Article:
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Book review of the novel “Ellbogen” by Fatma Aydemir. What is the story behind this coming-of-age tale?
Lost in self-discovery and at the same time on the run to Erdogan’s Turkey, Fatma Aydemir’s novel “Ellbogen” recounts the journey of a young woman.
Book review: What is Fatma Aydemir’s novel “Ellbogen” about?
At first, Fatma Aydemir’s debut is the story of a young woman born and raised in Germany and trying to find her place in the modern country among the old-fashioned traditions of her Turkish parents. Under these conditions, however, the failure of a forward-looking woman is almost prescribed, according to the author.
„Ellbogen“ is littered with clichés
The lines just spit out cultural clichés. Clichés that paint the picture of a supposedly typical young woman with Turkish roots and tradition-conscious parents in Germany. The family of first-person narrator Hazal lives in a far too small apartment in Berlin’s Wedding neighborhood, which is known primarily for a socially weaker society. The stereotypes are surrounded by current events that pile up. These events show the reader that this is not pure fiction, but could very well happen. Precisely by bringing it back to reality, Fatma Aydemir fails to break stereotypes, but rather reinforces them to an extreme.
Whether it’s the terrorist attack at Istanbul airport, the totality of Erdogan’s regime or even the Kurdish independence efforts – it seems as if every political situation, no matter how important, is addressed in this book. However, the situation of the German nation also gets enough space to boast. Fatma Aydemir has also included the subway beating that often occurred during this time.
Surprising break from the subway beating
The beating hits the reading person completely unexpectedly. The main character Hazal celebrates her 18th birthday with her three best friends – despite her parents’ prohibition. But rejected by the bouncer, the party ends sooner than expected.
“The only person on the track is a guy in his twenties, a student. He wears a striped jute bag and funny glasses with small round lenses.” The student is also stereotyped by Fatma Aydemir almost out of habit. “I like dominant women. […] Do you want me to show you my dick?”*
Under the influence of alcohol and drugs, the girlfriends beat this complete stranger to death at the subway stop because of this very statement and throw him onto the train track. Out of nowhere, Hazal then wakes up in Istanbul. Again, a completely unexpected break. In the second part, Fatma Aydemir describes Hazal’s escape.
Hazal’s family, a German-Turkish family that fits the stereotype?
The protagonist Hazal is the daughter of a cab driver and a housewife who has a penchant for melodrama. Apart from drinking tea and watching Turkish love series, the portrait of the mother does not reveal much else. Whereas she would like to get divorced. Hazal’s brother is a petty criminal and under the perspective Hazal still gets off quite well. She attends a vocational training program and works moonlighting in her uncle’s bakery. In the evenings, when the whole family has fallen asleep, Hazal skypes with her Facebook friend Mehmet. Mehmet is also a German-Turkish citizen, but he was deported to Turkey because of criminal offenses.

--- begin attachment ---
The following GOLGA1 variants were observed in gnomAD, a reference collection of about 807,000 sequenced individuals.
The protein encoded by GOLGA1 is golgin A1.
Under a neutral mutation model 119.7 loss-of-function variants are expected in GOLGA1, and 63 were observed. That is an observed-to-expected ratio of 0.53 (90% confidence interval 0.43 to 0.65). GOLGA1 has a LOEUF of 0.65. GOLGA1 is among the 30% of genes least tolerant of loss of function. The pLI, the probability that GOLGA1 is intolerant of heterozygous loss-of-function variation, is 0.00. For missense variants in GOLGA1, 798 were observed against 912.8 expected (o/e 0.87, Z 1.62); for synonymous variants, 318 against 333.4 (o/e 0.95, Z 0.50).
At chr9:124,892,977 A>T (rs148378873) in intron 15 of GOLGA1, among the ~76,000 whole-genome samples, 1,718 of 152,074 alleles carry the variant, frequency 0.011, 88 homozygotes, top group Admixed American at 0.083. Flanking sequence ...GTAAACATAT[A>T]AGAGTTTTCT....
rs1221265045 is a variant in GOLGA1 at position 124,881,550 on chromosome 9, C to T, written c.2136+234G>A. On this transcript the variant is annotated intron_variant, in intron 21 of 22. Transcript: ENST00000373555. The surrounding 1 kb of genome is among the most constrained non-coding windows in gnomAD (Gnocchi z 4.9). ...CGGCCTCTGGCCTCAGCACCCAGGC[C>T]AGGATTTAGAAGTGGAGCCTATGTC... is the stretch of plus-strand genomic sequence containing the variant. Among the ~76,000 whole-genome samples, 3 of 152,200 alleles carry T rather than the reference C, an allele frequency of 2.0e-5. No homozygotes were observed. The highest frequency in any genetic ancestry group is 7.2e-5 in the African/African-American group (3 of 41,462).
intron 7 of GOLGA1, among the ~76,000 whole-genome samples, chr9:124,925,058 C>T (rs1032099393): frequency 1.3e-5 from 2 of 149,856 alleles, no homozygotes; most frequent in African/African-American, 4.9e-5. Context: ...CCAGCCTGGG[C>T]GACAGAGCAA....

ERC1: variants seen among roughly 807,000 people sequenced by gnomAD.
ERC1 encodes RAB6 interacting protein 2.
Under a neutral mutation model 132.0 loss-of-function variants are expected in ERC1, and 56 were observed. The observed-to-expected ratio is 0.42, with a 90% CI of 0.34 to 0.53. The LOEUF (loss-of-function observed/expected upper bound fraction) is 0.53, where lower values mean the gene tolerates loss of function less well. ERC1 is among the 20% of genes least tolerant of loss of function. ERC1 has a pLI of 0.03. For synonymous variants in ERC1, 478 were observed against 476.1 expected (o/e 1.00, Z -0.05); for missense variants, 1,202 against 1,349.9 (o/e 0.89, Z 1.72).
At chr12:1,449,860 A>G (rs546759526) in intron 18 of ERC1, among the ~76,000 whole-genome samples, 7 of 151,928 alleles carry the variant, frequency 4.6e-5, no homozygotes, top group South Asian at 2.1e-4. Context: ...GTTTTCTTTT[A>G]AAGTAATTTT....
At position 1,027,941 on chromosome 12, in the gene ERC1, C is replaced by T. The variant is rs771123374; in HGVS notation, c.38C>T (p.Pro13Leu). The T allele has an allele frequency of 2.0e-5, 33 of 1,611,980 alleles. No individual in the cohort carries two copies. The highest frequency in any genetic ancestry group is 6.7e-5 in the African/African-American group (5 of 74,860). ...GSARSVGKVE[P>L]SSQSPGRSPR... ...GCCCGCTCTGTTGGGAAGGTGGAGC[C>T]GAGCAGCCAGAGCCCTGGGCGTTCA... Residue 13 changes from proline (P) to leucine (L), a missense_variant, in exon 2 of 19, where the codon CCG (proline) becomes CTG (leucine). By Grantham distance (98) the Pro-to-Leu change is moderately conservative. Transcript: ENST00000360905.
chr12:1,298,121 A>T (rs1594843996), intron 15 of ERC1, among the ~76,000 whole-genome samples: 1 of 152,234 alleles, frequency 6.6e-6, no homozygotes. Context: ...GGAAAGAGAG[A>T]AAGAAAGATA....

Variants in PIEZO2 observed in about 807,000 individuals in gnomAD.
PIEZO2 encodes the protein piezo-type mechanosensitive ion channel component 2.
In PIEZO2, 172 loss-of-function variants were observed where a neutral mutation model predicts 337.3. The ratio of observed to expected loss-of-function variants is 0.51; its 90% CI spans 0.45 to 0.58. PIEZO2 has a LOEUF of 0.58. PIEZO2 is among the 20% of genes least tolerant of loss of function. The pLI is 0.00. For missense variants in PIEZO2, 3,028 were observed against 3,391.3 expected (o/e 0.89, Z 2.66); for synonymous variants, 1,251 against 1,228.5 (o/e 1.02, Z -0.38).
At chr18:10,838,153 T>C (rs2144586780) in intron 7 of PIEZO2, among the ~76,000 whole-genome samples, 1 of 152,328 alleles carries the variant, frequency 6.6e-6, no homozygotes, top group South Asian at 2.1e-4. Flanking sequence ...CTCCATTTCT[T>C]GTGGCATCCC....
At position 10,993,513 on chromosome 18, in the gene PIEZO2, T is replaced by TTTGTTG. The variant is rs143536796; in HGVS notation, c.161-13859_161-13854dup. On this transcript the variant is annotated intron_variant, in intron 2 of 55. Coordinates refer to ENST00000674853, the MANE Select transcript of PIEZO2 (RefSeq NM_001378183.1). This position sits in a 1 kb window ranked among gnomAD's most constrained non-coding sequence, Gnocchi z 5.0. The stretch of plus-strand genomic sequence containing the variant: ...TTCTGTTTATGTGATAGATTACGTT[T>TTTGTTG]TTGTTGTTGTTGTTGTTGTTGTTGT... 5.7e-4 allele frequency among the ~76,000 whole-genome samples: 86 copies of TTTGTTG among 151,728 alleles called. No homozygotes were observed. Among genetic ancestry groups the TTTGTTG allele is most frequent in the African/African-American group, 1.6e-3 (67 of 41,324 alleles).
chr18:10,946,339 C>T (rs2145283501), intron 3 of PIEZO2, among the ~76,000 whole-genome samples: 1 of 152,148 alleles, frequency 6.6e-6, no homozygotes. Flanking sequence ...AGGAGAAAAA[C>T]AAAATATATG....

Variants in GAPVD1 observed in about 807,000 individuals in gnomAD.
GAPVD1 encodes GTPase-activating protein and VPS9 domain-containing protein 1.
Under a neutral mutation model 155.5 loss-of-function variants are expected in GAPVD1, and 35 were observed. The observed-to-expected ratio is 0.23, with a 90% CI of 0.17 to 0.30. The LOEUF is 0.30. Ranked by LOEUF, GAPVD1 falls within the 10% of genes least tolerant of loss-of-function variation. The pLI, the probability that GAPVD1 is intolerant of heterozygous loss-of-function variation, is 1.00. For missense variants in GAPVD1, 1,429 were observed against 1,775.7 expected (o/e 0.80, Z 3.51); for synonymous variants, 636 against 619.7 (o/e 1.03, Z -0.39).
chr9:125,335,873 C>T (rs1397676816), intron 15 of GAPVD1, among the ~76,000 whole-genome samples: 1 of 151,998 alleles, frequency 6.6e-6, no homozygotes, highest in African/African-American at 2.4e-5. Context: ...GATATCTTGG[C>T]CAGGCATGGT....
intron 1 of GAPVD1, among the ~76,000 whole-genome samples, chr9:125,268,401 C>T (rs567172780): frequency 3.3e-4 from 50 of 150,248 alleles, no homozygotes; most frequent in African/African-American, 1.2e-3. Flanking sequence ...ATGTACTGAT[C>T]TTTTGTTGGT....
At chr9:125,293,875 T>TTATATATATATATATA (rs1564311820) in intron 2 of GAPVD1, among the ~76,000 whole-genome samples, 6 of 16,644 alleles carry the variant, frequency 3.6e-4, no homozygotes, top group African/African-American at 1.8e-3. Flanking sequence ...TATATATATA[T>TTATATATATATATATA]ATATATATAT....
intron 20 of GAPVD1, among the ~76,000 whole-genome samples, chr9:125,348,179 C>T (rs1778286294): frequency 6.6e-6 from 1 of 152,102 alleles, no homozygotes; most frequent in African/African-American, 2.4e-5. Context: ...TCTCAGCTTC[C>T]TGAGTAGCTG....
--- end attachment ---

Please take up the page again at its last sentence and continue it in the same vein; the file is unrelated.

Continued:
We don’t get an answer in the book to the question why Fatma Aydemir doesn’t surprise us with the portrayal of the family. In this day and age, we no longer need all these clichés and alleged patterns. However, there is one person who stands out in the so frustrating portrayal.
Aunt Semra is the bright spot of the novel. She studied social pedagogy and is terribly emancipated. A little too much for the rest of the family, because Aunt Semra has no children in her early 30s and is unmarried.
Who is the author Fatma Aydemir?
Fatma Aydemir, who was born in Karlsruhe in 1986, is a journalist. She studied German and American studies in Frankfurt am Main. The Berlin-based editor of taz also writes for various magazines as a freelance author. Through her work at taz, she dealt a lot with Turkey’s political issues, which thus explains her picking them up in the novel.
Nevertheless, the plot suffers heavily under the weight of the many political themes. They sometimes seem out of place. Much is described very superficially, especially the milieu. Everything just rushes by and the coming-of-age novel doesn’t pull you in. It seems heavy.
In the second part of the novel, when Hazal has fled to Istanbul. The anticipatory clichéd plots just pick up speed. She finds accommodation with Mehmet, who is apparently always high, and his roommate, who is classified as dangerous by Turkish police and is also arrested relatively quickly. Hazal’s behavior has not changed in Istanbul. As if in a trance, she continues to live despite everything.
Wake up Hazal!
The only thing you wish for the whole time is not full-filled by the novel – to pinch Hazal tightly, maybe shake her and hope she wakes up. One wishes Hazal would wake up and think with a dose of common sense. The protagonist goes off the rails in front of the person reading one would so love to help. The right decisions are presented to her on a silver platter, but she resists. One wishes for more depth to this novel, which could have gained so much strength with it.
With enough distance and internalizing that clichés don’t fit the norm, this coming-of-age book can definitely be placed in the recommended reading pile.
“Ellbogen” by Fatma Aydemir was published by Carl Hanser Verlag in January 2017. Hardcover edition around 20 euros via Amazon.
*The quotes are translated into Englisch and might differ from an original translation.